Sleep Hacking on the Rocks

Tuesday, October 18, 2011

Since my first night with Zeo, I've learned a few things. My first week of data was confusingly all over the place, until I realized that I probably had the headband too loose. I ended up discarding that data and starting over again, so I've only got two weeks worth of information so far. Still, it's enough to infer a few things.

First up, I'm learning a bit about the device itself. I think as an overall trend, it provides reliable information; however, it does seem to make the occasional mistake. A couple of times I've put on the headband and it's shown me in deep sleep within five minutes, which is unlikely unless I secretly have undiagnosed narcolepsy. Similarly, I'll sometimes wake up in the morning and it will show me in deep sleep for a period of time that I thought I was awake. These weird readings were intermittent, and it took me a while to figure out what was causing them.

Alcohol is supposed to reduce your amount of REM and deep sleep. However, Zeo's cause and effect graph shows me something apparently atypical:

That's right... apparently alcohol drastically increases my amount of deep sleep. My first thought was perhaps I just sleep longer after drinking, but another graph dispels that notion:

So, despite getting roughly the same amount of sleep with and without alcohol, I'm apparently spending a much higher percentage of time in deep sleep. Zeo's support centre says that deep sleep is "important for growth, restoring muscle and building immunity". Does this mean that I'd have stronger muscles and a better immune system if I got tanked every night? Somehow, this doesn't seem quite right. I'm more inclined to think that Zeo misinterprets my "drunk" brainwaves as "deep sleep", especially given the times I've been awake (and tipsy) and it's told me that I'm in deep sleep.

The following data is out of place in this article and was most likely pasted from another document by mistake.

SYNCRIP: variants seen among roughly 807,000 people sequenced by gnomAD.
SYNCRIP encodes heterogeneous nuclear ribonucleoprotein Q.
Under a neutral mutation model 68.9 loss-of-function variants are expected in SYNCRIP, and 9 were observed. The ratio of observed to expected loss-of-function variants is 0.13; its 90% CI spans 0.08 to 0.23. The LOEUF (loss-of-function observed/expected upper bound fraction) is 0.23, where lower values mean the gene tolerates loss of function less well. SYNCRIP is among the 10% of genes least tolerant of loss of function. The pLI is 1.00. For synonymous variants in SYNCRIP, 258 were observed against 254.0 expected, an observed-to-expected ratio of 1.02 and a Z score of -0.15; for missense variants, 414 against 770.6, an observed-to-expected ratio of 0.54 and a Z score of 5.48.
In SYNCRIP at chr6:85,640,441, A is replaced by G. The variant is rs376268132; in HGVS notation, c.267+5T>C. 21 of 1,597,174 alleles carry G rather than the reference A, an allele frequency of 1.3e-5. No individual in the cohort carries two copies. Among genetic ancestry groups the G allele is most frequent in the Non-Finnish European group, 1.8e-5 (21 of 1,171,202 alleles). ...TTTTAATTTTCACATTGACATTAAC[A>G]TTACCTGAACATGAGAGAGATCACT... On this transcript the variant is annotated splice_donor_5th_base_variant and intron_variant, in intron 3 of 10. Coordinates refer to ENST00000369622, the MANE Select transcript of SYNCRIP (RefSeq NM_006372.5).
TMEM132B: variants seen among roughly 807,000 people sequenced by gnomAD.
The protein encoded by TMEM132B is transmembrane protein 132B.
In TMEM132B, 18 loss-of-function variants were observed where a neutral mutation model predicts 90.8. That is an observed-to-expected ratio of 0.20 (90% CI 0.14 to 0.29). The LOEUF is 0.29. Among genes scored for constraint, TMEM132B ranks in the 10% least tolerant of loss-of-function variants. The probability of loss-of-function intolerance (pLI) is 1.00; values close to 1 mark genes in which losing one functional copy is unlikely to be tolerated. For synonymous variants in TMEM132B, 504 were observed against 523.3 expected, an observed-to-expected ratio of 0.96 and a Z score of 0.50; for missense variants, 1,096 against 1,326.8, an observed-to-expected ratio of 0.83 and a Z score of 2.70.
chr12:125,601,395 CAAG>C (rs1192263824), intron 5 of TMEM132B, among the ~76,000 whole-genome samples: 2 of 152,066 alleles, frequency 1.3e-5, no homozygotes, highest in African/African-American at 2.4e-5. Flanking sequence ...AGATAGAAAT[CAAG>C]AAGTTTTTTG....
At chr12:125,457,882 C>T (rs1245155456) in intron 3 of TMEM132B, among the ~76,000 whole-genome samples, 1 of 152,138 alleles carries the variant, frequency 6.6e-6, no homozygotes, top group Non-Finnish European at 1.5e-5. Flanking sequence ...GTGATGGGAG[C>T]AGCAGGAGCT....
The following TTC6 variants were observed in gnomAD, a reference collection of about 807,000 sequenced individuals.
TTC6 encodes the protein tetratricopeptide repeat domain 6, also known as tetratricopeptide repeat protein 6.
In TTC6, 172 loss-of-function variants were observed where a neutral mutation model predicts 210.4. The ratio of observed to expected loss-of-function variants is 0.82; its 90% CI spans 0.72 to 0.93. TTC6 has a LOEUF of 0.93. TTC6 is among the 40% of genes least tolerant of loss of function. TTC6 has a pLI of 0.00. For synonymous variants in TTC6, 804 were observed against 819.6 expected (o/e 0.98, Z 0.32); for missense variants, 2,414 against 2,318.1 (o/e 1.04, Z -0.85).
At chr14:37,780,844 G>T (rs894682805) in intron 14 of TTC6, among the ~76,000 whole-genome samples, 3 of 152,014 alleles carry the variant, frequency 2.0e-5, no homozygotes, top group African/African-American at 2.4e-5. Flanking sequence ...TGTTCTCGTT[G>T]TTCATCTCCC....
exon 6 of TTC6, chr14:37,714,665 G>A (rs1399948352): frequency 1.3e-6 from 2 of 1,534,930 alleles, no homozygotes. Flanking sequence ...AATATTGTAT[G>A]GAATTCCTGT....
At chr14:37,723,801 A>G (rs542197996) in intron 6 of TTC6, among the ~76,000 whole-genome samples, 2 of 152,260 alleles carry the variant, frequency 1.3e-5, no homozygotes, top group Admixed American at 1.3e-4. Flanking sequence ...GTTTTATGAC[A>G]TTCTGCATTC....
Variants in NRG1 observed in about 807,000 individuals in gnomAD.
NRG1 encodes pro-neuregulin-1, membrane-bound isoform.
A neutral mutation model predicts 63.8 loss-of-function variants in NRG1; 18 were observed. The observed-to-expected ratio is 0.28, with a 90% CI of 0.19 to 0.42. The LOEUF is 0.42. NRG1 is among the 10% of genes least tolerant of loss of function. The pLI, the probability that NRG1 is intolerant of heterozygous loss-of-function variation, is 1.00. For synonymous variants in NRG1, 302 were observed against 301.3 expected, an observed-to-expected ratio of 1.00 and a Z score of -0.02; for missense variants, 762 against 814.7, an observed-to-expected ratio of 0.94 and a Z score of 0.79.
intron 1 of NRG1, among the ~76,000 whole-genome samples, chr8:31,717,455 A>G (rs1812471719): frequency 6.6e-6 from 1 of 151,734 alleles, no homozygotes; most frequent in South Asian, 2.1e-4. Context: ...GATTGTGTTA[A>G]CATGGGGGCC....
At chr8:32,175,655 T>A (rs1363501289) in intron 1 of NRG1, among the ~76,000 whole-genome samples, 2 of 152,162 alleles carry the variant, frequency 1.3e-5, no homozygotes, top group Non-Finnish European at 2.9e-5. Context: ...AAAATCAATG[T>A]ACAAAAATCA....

Does this mean that Zeo is completely inaccurate and useless for tracking trends associated with alcohol consumption? Not quite. The other portion of restorative sleep, the one stage that everyone's heard about, is REM. REM is when the crazy dreams happen, and it's also apparently responsible for organizing memory to better apply what you learn. Essentially, REM sleep is for mental improvement, and deep sleep is for physical. Now, let's look at what happens to my REM sleep when I drink:

Quite the opposite! I suppose it is possible that Zeo is misrecording REM sleep as deep when alcohol is involved, but I'd prefer to see it as a true negative impact. Certainly, my brain doesn't feel quite as limber and organized the next day after I've had a few, so perhaps there's something to these results. Then again, I can't say my muscles and immune system feel particularly improved either.

One thing I think I can accurately take from these results is that having 1-2 drinks has no statistically significant impact on my sleep quality. This is rather interesting, and something I will continue to pay attention to. It's possible that the results may level out over time, as there are far more nights of 1-2 drinks than there are 5+ (which, I believe, is a good thing!).